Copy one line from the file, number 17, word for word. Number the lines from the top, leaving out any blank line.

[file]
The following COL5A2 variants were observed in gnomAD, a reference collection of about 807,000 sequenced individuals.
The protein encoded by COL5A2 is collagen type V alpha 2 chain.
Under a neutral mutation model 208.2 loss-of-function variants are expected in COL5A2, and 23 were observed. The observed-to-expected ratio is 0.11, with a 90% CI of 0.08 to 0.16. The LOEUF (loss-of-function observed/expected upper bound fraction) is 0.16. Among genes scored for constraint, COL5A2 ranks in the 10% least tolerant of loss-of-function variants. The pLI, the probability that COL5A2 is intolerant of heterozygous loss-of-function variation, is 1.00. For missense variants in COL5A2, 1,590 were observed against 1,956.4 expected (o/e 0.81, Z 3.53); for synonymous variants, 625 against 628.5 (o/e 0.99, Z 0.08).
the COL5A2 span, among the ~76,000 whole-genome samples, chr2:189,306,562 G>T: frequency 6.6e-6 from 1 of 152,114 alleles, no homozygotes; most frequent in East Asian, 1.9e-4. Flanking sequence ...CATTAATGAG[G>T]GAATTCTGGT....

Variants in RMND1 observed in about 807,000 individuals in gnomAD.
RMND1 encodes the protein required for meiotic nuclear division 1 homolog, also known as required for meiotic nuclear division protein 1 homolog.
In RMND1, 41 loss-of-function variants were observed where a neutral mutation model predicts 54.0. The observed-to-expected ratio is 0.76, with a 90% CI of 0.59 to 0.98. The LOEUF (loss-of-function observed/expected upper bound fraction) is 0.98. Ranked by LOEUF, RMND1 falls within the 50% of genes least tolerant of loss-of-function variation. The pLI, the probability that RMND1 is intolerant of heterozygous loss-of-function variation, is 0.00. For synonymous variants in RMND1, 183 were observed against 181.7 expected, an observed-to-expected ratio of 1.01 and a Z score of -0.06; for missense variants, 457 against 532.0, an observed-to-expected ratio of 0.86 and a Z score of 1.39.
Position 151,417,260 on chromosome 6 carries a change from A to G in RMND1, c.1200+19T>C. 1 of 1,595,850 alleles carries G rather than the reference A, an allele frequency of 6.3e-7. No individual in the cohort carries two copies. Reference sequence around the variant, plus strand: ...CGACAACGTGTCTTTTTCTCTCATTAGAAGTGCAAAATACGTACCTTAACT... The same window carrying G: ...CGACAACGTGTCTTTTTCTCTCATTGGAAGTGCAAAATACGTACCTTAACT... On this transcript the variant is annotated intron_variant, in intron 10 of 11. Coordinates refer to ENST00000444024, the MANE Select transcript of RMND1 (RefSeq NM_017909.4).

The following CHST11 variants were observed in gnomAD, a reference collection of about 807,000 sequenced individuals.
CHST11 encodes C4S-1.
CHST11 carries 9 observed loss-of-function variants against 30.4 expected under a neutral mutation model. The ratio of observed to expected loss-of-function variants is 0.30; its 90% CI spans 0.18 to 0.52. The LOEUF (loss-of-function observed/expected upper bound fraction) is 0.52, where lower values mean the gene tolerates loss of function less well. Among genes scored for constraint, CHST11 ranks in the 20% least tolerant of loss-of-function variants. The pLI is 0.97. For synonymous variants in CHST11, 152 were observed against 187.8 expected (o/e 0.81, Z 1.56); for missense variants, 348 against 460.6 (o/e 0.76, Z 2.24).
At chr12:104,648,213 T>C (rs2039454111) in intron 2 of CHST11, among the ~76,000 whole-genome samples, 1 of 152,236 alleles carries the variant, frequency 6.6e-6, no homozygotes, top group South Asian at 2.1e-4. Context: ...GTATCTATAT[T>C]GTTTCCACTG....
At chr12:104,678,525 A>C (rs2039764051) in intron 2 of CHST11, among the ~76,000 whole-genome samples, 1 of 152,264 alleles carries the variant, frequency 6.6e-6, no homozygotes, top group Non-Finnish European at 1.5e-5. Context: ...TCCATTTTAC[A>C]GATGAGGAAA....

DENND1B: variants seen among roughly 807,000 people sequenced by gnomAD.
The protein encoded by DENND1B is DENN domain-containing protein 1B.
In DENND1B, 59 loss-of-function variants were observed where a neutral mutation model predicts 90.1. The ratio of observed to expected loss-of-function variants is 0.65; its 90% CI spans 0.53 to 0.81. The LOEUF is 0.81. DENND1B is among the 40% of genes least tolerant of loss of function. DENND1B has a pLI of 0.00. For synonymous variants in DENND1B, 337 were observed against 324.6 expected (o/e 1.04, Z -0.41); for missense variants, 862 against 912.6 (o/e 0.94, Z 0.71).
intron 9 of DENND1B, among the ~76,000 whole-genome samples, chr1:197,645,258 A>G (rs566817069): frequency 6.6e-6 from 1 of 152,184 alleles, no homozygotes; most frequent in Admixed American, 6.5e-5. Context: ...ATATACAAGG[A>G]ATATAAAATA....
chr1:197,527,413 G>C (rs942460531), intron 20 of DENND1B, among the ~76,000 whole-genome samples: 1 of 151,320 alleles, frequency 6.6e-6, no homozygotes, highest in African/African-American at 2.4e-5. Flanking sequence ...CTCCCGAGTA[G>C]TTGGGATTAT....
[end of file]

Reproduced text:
intron 9 of DENND1B, among the ~76,000 whole-genome samples, chr1:197,645,258 A>G (rs566817069): frequency 6.6e-6 from 1 of 152,184 alleles, no homozygotes; most frequent in Admixed American, 6.5e-5. Context: ...ATATACAAGG[A>G]ATATAAAATA....